Greenwich land is cheap and plentiful and has easy permit approval for teardown/new construction, so housing supply is fairly commoditized

    Demand is largely a function of psychology of 30-40yo financial industry buyers who have young families and are figuring out where to establish a family home….Manhattan vs Greenwich…Greenwich is far cheaper than Manhattan…and Greenwich is ~50-70% cheaper than comparable suburbs of SiliconValley (Woodside) or BeverlyHills, when one compares cost per acre of desirable land

    Upside forces for Greenwich include the increasing income tax rates in NYC/NY (in addition to the current ~10% vs 5% NY/CT arbitrage); likely secular, Darwinian growth of hedge funds (which often prefer Greenwich over NYC for lower taxes and less regulation)….and likely increased street crime and QOL issues in Manhattan in a deep recession w/a severely damaged tax base (recall big cities of the ’70s and ’80s)

    Will be fascinating to observe how high-end real estate pricing adjusts across US over next 2-3yrs in both primary home mkts and popular wkend home mkts like Hamptons, PalmBch, Montecito, Aspen, etc…suspect there will be many cascading pricing effects (along w/demand for NetJets shares), as lifestyles are re-calibrated vs compensation/net worth of financial industry executives in a more challenging, more regulated, poss less leveraged world….at least for a few yrs, until the next Bubble….

  7. Limestoner

    I’m sorry but the writer is living in LaLa Land. He sounds like one of the architects of the credit bubble. “Only if the press would stop talking about the falling value of CDOs and MBSs all would be well.” The same nonsense was espoused after the internet/tech bubble exploded – blame the media. Are you kidding me? The real estate bubble burst for fundamental economic reasons. No sort of wishful thinking and positive thinking will change this fact. We need to get back to being a free market oriented society again. No more propping. If banks got fat by taking too much risk and are now imploding, let them fail! If home owners bit more than they could chew and relied on easy credit to live a lifestyle that they truly could not afford, then let them lose their homes and file for bankruptcy!

    Why should anyone be remotely concerned with propping up real estate values today? What the heck do you think we were doing for the past 15 years, e.g., “times are different”, “not creating anymore land”, “you can’t live in a stock”, “foreign investors”, “the home is the modern trophy piece”? Where did that get us? I’m sure the writer didn’t mind the “irrational exuberance” on the way up. However, the fat lady stops singing for legitimate reasons and he blows a gasket! Unbelievable! Did he think that the gravy train would never end, e.g., home as principal investment and personal piggy bank. Did he expect 20% annual appreciation to exist in perpetuity? Get a life.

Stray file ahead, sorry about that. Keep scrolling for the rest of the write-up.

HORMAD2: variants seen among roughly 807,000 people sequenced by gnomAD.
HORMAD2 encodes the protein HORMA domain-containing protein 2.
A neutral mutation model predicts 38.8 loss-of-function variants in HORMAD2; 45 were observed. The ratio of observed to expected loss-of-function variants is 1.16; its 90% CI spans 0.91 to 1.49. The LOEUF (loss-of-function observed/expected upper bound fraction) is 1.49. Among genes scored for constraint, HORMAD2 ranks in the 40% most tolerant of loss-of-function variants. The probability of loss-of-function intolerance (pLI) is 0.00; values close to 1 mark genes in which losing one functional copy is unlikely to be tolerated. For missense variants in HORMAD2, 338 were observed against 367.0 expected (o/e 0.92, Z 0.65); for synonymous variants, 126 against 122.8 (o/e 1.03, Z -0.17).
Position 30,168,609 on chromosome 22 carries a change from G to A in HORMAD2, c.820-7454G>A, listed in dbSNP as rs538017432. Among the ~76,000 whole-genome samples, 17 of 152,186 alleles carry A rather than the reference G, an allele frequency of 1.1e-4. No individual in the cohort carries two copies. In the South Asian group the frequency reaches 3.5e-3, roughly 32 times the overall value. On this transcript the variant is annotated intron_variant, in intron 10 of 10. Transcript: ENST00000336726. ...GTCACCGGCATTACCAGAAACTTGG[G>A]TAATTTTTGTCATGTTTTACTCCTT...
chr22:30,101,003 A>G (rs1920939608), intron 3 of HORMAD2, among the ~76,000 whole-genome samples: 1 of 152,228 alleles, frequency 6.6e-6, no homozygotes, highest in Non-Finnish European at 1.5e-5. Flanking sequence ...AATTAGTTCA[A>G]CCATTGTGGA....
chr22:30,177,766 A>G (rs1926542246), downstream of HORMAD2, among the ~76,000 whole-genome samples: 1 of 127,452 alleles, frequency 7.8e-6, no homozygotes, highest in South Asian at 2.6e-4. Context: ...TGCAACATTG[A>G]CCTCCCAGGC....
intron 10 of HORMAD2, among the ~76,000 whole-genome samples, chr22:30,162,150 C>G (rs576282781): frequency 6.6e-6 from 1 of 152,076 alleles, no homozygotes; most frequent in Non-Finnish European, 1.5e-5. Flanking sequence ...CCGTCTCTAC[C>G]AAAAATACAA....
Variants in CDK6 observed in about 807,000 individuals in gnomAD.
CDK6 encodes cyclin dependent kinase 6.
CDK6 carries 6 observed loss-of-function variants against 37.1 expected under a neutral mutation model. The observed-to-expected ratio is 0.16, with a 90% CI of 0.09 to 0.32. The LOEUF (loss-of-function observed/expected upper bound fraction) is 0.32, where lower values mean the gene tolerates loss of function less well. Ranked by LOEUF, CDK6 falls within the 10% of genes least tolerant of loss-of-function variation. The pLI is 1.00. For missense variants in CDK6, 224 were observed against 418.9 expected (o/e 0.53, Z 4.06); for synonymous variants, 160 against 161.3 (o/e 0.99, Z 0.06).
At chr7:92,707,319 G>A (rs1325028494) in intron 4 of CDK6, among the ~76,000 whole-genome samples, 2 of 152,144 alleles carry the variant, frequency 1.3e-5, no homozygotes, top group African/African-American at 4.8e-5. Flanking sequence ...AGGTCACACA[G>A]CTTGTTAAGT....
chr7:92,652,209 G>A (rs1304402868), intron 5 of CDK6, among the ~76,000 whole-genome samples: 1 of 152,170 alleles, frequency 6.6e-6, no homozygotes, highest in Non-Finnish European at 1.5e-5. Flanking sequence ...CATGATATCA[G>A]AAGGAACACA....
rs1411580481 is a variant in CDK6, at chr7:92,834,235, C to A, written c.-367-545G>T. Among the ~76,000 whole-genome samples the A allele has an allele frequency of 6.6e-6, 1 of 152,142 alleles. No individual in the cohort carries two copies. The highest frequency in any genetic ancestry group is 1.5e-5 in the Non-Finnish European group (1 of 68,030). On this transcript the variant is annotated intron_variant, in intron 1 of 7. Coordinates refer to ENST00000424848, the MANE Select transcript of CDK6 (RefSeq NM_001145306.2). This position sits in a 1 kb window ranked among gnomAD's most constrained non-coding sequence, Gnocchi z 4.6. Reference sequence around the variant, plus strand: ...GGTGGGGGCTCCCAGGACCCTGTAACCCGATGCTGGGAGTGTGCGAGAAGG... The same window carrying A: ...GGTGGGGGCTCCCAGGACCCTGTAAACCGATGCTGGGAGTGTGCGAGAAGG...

The real estate market, even after a 30% drop, is still drastically out of sync, especially when you consider the deviation from historical measures, i.e., imputed rental value, income ratios and appreciation metrics, etc. As a result, there will be a continued downward shift in real estate values for the foreseeable future. Greenwich is no less acceptable to market forces then Manhattan, Boston, San Fran or the Hamptons. Housing sales and prices are down for legitimate reason. I say let the free market work and stop all this intervention/marxist mumbo jumbo!

    I’m a homeowner but I’m not worried about the decline in property prices. Why? Because I didn’t view my home as a pure investment and I’m under no pressure to sell in a down market. On the other hand, I welcome a return to normalcy – where one spent $4 million and didn’t feel like he was moving into a starter home.

  8. gideonfountain

    “Demand is largely a function of psychology of 30-40yo financial industry buyers who have young families and are figuring out where to establish a family home….Manhattan vs Greenwich”.

    The above quote may SOUND reasonable but it was definitely not written by anyone who has spent years working with Greenwich buyers and sellers who are much more diverse than that. What the quote mainly illustrates, though, is the ease with which non-real estate agents feel they can sum up the business. Our industry has an extremely low barrier-to-entry level so the assumption is that anyone can, and often does, sell real estate. But just as you would, on a fishing vacation, be wise to listen to the advice of a guide with 10 or 20 years of experience catching the fish you seek, it makes sense to listen to your “stupid” broker who’s been working in the trenches year after year.

  9. anonymous

    Any way to strip mix effects out of price stats? IOW, I suspect typical Greenwich home sale over past 10+yrs has involved a newer, larger, more elaborate home than in past….if strip out these effects, price increases may be less impressive

    Tend to think of residential real estate anywhere in terms of land costs….in any place w/easily available land and seamless permits for new construction, would guess many (esp in a non-Bubble climate) would price used houses in terms of land value, rather than structure value, esp when bespoke-spec houses are easy to build w/latest tech and aesthetics and one’s own choice of competent architect and builder